In a PBL scenario, teachers serve as coaches and facilitators of inquiry and reflection, allowing students the freedom to experiment and learn through an iterative process. Mr. Samuel Landete, IB MYP Design Teacher & IT Integration and DEC program lead at Fairgreen shares more: “DEC is a unique program that introduces students to the building industry, and has them practice with real software used by architects like Bentley's OpenBuilding Designer. Students go through all the design phases of an actual construction project as mandated by the Royal Institute of British Architects i.e., RIBA Plan of Work 2020, such as strategic definition, design brief, concept design, technical design and costing. Each student designs his or her own building from scratch.” While there is a definite learning curve, especially with using the 3D software productively, students all enjoy seeing their designs come alive in 3D and being able to navigate around them. The same is true about the sheer number of decisions students need to make to create a feasible building design, and to communicate their design intentions. “It is a hard process,” said Mr. Landete, however the program delivers a high level of engagement and ownership, adding “Students own 100% of their design and can exercise agency at the top level.”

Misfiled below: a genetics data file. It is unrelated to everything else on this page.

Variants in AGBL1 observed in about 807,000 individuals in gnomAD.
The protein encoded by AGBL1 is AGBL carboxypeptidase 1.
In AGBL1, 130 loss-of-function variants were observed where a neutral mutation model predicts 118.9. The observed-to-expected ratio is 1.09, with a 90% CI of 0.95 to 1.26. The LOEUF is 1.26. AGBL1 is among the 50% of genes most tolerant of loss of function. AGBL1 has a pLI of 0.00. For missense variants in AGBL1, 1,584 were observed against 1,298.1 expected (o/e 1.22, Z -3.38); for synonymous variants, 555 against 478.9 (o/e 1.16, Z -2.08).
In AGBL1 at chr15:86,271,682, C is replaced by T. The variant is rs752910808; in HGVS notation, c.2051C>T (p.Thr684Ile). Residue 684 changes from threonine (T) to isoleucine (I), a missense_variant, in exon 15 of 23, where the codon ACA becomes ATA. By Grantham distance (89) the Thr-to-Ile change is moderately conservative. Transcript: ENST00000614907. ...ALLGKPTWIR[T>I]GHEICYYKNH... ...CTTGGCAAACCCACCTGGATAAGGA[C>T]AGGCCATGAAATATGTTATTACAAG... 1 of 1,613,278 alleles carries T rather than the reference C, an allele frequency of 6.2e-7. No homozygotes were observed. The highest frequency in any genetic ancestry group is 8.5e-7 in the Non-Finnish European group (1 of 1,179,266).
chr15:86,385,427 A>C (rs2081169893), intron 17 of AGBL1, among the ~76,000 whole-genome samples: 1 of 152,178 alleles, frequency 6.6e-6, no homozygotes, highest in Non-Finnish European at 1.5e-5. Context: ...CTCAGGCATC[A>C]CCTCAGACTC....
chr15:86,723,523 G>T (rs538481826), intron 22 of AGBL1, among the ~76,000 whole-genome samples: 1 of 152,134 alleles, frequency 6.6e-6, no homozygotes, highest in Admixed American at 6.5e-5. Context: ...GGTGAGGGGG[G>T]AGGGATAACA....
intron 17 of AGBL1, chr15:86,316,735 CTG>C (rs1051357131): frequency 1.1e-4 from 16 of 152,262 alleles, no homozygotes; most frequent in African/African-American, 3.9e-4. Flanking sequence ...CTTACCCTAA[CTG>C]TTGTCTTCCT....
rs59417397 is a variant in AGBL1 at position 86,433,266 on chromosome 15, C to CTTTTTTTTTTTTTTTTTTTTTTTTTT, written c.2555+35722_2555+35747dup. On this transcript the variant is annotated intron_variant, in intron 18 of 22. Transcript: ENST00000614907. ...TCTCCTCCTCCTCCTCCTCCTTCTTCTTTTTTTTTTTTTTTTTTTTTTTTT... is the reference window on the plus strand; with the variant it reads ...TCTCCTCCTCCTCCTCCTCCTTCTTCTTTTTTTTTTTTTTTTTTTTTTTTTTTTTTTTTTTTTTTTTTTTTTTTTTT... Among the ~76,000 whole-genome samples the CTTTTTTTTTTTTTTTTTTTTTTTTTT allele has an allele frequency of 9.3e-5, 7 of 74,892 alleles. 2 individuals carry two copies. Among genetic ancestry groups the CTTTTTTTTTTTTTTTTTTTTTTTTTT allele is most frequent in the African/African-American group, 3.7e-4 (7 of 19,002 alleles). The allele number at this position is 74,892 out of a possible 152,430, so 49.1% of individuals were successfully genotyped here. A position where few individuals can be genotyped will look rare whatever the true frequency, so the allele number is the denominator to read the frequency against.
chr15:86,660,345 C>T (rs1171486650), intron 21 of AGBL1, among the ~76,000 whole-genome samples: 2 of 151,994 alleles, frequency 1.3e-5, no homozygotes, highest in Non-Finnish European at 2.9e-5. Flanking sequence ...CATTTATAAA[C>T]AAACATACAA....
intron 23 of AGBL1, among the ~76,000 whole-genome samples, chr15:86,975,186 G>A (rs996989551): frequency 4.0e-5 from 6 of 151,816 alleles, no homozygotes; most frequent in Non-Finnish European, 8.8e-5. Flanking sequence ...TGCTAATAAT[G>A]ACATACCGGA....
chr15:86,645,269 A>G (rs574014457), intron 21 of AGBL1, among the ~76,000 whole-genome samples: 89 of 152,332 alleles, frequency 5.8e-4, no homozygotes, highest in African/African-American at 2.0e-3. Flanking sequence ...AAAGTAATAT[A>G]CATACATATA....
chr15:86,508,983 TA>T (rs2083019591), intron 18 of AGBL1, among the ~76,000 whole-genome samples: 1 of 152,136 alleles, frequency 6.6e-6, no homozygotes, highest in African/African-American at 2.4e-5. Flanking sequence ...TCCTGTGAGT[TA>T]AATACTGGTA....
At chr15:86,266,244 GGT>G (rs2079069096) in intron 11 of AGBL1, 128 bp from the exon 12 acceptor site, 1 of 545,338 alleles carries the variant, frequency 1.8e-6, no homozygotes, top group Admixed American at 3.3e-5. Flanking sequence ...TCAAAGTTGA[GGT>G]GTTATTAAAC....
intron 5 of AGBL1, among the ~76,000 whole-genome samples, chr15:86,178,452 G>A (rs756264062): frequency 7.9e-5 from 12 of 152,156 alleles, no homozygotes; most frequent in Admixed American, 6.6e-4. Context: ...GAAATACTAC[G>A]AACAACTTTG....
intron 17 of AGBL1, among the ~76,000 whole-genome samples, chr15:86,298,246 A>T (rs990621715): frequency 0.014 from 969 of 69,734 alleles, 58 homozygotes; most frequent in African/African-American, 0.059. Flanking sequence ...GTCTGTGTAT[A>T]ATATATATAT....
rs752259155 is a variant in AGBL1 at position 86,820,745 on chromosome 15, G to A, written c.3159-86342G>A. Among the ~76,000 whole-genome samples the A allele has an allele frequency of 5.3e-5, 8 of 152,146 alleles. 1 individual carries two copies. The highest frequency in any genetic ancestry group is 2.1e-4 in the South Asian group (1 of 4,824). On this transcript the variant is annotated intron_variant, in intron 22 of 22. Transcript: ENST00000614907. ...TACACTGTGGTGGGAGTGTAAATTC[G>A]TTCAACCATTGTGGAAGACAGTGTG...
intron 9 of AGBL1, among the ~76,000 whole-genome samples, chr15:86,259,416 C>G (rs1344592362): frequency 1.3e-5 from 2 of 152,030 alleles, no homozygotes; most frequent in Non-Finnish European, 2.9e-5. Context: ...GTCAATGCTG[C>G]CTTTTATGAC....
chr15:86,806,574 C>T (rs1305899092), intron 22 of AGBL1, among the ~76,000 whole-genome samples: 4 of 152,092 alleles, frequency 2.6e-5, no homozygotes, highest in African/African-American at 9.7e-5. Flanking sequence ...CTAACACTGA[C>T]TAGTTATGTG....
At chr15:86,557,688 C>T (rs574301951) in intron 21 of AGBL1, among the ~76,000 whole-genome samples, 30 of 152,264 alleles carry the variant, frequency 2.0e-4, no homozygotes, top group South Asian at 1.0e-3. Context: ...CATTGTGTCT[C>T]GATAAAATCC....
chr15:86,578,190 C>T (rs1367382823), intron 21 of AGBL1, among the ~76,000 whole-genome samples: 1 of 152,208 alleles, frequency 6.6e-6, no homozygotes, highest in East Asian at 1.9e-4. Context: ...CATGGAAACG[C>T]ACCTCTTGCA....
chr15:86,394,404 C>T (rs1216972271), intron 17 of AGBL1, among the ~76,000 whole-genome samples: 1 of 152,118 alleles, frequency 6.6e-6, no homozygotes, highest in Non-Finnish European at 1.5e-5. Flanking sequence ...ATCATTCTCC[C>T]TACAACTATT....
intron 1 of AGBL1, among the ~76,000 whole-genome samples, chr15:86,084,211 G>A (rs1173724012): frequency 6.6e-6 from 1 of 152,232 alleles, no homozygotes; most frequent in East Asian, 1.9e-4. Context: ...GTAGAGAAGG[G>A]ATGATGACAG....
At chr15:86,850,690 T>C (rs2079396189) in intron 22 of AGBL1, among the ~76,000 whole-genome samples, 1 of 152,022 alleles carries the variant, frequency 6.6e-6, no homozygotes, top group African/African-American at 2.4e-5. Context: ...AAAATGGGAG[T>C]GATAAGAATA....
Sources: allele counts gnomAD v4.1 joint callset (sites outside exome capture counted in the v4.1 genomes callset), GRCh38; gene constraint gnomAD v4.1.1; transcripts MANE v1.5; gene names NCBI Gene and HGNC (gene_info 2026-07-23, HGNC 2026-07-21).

Does the DEC program inspire a future career in the built environment? It’s a resounding yes from Sreya: “As someone who has always relied on analysis for her judgement, and loves pushing the boundaries of creativity, careers related to design and engineering align with my interests, while forcing me to push my limits.”